The US Federal Aviation Administration (FAA) recently downgraded the Civil Aviation Authority of Malaysia (CAAM) to a Category 2 from its Category 1 status.
Malaysia has maintained its Category 1 rating since 2003.
Other countries currently carrying Category 2 restrictions include Ghana, Bangladesh, Costa Rica, Curaçao, and Thailand.
A Category 1 status indicates full compliance with standards set by the International Civil Aviation Organization (ICAO). By contrast, a Category 2 rating means that a country’s aviation authority is deficient in one or more areas, such as technical expertise, trained personnel, record-keeping, and inspection procedures.
Malaysia failed to meet 33 sections of the FAA audit scores, from over 300 queries.
Officials in Malaysia however, were quick to point out that this downgrade does not mean that it is unsafe to travel with Malaysia-based airlines. Nor does it mean that the country’s airports lack the necessary safety standards.
Rather, it is CAAM as a body of authority overseeing the aviation sector that has fallen short of expectations.
Founder of aviation advisory firm Endau Analytics Shukor Yusof believes though that the downgrade is a timely wakeup call for the government to beef up aviation safety in the country.
“If the country’s regulator is not up to the mark, how can we trust it to supervise other safety aspects of the complex aviation sector?”
This downgrade also does not implicate any existing Malaysia-based carriers. In fact, these carriers are allowed to continue existing service to the United States.
But until a Category 1 status is reassigned to Malaysia, carriers will not be allowed to establish new service to the United States.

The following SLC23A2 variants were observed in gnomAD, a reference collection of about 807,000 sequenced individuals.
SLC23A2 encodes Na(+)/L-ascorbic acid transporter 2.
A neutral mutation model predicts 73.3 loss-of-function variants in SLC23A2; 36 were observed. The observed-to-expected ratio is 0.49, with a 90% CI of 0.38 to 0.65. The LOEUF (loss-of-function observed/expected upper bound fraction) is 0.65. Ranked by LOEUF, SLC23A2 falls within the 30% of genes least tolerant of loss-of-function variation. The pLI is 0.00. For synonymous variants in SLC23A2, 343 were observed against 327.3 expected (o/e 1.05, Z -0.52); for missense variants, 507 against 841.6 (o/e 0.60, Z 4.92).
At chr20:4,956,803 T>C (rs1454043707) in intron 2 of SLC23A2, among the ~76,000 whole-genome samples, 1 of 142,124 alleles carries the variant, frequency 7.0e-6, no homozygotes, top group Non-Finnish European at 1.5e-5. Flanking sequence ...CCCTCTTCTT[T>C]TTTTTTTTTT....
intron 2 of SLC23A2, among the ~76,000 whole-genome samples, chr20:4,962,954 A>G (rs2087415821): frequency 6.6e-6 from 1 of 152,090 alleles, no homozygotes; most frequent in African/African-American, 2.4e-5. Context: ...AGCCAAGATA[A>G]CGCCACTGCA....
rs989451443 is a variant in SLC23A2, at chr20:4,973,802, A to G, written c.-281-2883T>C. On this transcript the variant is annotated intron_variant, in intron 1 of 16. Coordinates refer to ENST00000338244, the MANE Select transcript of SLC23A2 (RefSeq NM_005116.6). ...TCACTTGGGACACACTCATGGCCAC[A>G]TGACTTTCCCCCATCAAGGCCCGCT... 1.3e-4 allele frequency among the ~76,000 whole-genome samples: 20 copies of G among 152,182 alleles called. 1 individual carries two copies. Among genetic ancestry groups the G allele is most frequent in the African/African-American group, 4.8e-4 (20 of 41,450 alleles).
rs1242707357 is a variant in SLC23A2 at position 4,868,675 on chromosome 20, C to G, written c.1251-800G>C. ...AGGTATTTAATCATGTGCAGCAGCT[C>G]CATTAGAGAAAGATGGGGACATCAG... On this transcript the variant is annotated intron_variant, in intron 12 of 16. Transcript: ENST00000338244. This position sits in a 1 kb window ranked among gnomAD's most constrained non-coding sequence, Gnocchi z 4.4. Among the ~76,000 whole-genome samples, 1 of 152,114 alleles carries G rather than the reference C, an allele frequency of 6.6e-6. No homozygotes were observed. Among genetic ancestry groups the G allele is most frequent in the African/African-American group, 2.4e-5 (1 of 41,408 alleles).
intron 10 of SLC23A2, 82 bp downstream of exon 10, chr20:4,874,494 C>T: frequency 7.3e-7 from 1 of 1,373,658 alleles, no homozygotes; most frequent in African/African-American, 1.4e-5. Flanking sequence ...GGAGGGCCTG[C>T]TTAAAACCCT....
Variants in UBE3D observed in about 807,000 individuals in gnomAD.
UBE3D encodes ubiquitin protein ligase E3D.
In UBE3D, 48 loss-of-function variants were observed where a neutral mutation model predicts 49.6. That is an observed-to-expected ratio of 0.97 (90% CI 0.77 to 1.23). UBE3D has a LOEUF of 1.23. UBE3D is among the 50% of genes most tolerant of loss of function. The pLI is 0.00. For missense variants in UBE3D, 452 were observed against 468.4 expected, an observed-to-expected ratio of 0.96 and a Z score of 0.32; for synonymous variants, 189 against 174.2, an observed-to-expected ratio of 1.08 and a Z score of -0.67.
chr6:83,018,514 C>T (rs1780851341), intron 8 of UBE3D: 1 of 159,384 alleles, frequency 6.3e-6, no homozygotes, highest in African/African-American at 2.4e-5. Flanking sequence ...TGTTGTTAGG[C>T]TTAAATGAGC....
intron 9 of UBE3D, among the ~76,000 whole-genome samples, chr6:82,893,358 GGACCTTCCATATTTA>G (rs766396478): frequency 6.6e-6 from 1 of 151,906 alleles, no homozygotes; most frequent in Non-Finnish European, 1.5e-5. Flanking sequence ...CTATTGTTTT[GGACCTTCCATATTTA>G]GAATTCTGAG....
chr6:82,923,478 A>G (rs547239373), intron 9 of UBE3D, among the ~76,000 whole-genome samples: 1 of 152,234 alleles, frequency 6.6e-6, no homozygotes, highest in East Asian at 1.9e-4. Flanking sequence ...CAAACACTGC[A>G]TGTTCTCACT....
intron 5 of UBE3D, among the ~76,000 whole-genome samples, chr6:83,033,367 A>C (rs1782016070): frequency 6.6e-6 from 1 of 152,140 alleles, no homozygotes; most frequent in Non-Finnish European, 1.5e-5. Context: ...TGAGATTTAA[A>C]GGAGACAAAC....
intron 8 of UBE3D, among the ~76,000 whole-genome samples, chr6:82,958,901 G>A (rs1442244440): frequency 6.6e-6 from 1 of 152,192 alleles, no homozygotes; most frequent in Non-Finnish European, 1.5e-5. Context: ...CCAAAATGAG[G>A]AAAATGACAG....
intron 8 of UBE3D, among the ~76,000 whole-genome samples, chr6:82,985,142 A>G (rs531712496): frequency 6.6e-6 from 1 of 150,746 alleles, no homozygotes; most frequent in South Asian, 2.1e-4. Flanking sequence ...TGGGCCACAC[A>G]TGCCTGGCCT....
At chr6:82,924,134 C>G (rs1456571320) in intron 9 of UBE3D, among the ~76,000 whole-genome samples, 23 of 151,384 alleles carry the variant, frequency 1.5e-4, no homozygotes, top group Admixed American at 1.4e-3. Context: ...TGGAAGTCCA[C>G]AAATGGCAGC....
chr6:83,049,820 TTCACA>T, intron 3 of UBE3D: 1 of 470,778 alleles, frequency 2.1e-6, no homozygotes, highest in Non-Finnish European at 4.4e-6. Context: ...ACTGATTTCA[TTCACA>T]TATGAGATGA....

Moreover, carriers will be subject to additional inspections at all US airports.
AirAsia founder and group CEO Tan Sri Tony Fernandes remains unfazed about the downgrade. This no-frills low cost carrier will continue flying to the US via Japan.
“Whatever is in operations is in operations. We have many ways of getting to America”, Fernandes commented, referring to AirAsia X Bhd’s service to Hawaii via Osaka, Japan.
Malaysian Airlines however, is unlikely to escape unscathed. The FAA prohibits future codesharing agreements between American and Malaysian carriers.
The first casualty the national airline suffered has been American Airlines’ decision to discontinue its codesharing with Malaysian Airlines.
Passengers flying with the American carrier are now being advised to re-book their connecting flights with other Category 1 carriers in lieu of Malaysian Airlines.
Transport Minister Anthony Loke has since put together a task force with well-rounded expertise in aviation safety comprising four pilots, three engineers, and one technical coordinator.
This 8-member task force will be led at the helm by ex-Director General of Malaysia’s Department of Civil Aviation Kok Soo Chon. The aviation veteran oversaw the FAA’s last audit in 2003 when Malaysia successfully retained its Category 1 rating.